The term “silly season” takes on a whole new meaning for seafood sellers across Australia at this time of year.
- Australian prawns and oysters are in good supply this year, with NSW co-ops stocking tonnes ahead of Christmas
- Co-operative managers said while demand is strong, customers are buying less due to cost-of-living pressures
- The NSW Department of Primary Industries has warned customers to be vigilant of illegal sellers
“It goes absolutely insane,” said Newcastle Fishermen’s Cooperative retail manager Nathan Evans.
“It goes from running a normal, lovely, run-of-the-mill, day-to-day fish shop, to event management, with the sheer volume of people that come to get their fresh seafood.”
The Newcastle co-op is one of the largest in Australia, and has seen thousands of customers through the doors over the last few days.
Mr Evans said he was expecting a lot more before Monday, with customers expected to snap up several tonnes of prawns, including tiger prawns from Queensland.
“It is a bit of an issue this year, with the floods [in Queensland], getting the stock through, so it’s a little delayed but they should be here by Saturday,” he said.
“We also get salmon from Tassie, Barramundi from Queensland, kingfish from South Australia, mussels from South Australia.”
Town of Big Prawn big on prawns
It is no surprise the home of NSW’s Big Prawn, Ballina, is one of the big contributors to Christmas supplies in NSW.
Ballina Fishermen’s Co-operative chief executive Evan Davies argued he has the best wild-caught prawns in Australia.
“On Christmas Eve, we expect to do around about 3.5 tonnes of prawns and about 1.5 tonnes of other crustaceans, crabs and bugs,” he said.
He said seafood lovers will travel far for them … even from over the Queensland border.
“That’s testimony to the fact they want to jump in their cars and drive all the way down from Toowoomba to Ballina to get some,” Mr Davies said.
While prawns were a sought after item, Mr Davies said consumer demand had dampened this year and people were watching what they spent.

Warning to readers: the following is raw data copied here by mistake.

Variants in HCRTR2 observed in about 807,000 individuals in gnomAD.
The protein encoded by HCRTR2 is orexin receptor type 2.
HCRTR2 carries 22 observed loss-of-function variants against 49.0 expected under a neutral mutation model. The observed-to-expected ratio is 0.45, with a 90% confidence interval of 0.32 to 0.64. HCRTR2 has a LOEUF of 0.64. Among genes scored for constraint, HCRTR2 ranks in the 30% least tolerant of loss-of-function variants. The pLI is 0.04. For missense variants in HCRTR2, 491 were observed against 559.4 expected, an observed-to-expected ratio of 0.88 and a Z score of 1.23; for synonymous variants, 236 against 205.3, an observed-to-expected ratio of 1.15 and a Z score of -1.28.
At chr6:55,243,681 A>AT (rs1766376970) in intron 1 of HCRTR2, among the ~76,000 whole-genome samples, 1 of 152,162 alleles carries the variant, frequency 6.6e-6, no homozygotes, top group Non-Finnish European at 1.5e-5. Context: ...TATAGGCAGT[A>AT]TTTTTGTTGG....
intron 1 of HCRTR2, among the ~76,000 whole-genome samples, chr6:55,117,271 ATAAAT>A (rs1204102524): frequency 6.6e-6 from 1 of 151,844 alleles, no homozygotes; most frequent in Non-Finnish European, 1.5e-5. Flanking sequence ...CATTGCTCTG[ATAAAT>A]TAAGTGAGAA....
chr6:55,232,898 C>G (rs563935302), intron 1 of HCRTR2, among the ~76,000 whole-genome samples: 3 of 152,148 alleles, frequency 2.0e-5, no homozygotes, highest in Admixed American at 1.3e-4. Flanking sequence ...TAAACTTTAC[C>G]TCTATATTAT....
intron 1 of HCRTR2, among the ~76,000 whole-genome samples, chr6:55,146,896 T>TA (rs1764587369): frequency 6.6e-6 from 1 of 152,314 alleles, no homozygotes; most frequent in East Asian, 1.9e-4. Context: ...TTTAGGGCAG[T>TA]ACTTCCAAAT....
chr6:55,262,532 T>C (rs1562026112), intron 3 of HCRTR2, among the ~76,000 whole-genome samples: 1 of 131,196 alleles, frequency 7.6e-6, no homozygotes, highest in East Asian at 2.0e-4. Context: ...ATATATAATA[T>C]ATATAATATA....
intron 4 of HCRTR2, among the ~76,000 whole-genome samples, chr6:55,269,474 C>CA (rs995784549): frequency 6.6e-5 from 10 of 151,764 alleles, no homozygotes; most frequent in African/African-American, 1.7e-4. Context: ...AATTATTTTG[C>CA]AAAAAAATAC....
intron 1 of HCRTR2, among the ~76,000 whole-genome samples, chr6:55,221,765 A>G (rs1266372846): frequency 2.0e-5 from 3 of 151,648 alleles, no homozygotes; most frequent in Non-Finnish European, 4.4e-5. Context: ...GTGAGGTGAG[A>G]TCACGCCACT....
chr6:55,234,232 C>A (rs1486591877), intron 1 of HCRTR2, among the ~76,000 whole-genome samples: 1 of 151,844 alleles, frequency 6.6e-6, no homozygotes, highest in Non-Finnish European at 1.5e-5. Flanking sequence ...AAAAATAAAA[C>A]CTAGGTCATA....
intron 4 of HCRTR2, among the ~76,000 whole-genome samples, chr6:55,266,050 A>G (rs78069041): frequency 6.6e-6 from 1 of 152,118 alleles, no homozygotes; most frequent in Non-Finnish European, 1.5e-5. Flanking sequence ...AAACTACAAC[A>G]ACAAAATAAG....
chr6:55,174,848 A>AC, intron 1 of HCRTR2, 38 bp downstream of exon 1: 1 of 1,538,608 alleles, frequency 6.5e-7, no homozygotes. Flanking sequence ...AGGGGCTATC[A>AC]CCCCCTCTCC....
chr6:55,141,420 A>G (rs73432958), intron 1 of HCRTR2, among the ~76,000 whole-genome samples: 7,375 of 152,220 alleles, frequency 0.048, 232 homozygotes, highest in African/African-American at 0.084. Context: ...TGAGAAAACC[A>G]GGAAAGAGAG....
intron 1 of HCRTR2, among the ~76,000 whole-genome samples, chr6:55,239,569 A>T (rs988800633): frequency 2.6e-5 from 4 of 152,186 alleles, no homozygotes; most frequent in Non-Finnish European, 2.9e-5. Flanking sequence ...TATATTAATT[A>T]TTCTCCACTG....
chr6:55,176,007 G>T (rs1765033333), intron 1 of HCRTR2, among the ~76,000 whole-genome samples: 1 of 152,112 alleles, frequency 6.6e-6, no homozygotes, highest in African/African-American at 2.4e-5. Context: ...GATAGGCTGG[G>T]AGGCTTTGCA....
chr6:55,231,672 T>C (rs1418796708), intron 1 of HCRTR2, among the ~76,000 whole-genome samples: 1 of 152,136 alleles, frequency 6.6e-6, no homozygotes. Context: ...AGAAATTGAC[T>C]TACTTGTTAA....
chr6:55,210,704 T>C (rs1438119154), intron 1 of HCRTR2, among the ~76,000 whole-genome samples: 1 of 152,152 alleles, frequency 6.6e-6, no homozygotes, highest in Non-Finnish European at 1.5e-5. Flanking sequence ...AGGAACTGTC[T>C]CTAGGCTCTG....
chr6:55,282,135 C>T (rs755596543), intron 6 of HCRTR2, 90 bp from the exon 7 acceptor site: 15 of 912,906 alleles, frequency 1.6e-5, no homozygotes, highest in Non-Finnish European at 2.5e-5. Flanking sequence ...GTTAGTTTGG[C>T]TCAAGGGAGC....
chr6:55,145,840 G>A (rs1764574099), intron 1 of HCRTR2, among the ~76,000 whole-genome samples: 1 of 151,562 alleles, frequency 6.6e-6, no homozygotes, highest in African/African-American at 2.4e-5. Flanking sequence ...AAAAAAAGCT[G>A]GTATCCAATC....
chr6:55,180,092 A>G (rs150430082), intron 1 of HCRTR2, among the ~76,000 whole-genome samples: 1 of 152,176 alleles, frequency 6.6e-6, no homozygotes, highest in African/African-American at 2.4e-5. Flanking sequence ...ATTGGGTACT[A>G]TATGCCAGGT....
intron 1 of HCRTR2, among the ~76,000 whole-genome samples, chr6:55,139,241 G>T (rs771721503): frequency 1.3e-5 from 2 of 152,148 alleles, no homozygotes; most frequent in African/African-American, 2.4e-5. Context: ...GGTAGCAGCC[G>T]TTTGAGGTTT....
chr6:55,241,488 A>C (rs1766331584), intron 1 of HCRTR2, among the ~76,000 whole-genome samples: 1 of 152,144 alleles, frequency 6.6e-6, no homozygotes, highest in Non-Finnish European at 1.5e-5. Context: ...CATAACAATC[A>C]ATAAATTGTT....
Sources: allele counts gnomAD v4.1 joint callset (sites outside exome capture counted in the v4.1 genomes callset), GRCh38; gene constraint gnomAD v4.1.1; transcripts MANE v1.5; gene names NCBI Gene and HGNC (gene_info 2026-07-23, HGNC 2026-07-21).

“I think they’ll be buying more thoughtfully with their seafood purchases rather than saying, ‘I’ll have one of everything’,” he said.
Meanwhile, Pottsville’s Daniel Fleming will be catching buckets of spanner crab to sell locally, and at the Sydney Fish Market.
“Spanner crab is one of the more tastier [crabs] and, price per kilo, what you get with spanner crab is more affordable than lobsters,” he said.
He recommended serving the spanner crab whole, alongside some prawns and a beer or two, to start Christmas afternoon.
Illegal seller warning
With lengthy lines at seafood shops expected this weekend, NSW authorities are warning customers not to buy their seafood from potentially dodgy sellers.
The Department of Primary Industries [DPIE] has launched a joint operation with police and the NSW Food Authority to target the illegal sale and harvest of products like fish and oysters.
“When people purchase seafood or oysters from sources that are not legitimate, there’s no quality control over where that product has been harvested, how it’s been handled,” DPIE disheries compliance officer Joe Wright said.
“[That could] ultimately lead to the product causing everything, from medical issues to the people that consume it … right through to the impact on the environment in the longer term.
Maximum fines of up to $275,000 will be handed to those participating in the black market oyster trade, with the department conducting covert patrols across east coast oyster farms.
Oysters looking good
NSW Farmers Oyster Projects manager Andy Myers said producers had been able to make a solid harvest, even with recent heavy falls.
“Pretty much the whole of the South Coast was closed to the harvesting of oysters, but those growers have worked really hard to get their water samples in, and everything’s looking good,” he said.
“We always encourage people to shop locally and support their local growers.
“[Christmas] is absolutely an opportunity for farmers to get back on their own two feet and put the last few difficult years behind them.”
Key stories of the day for Australian primary producers, delivered each weekday afternoon.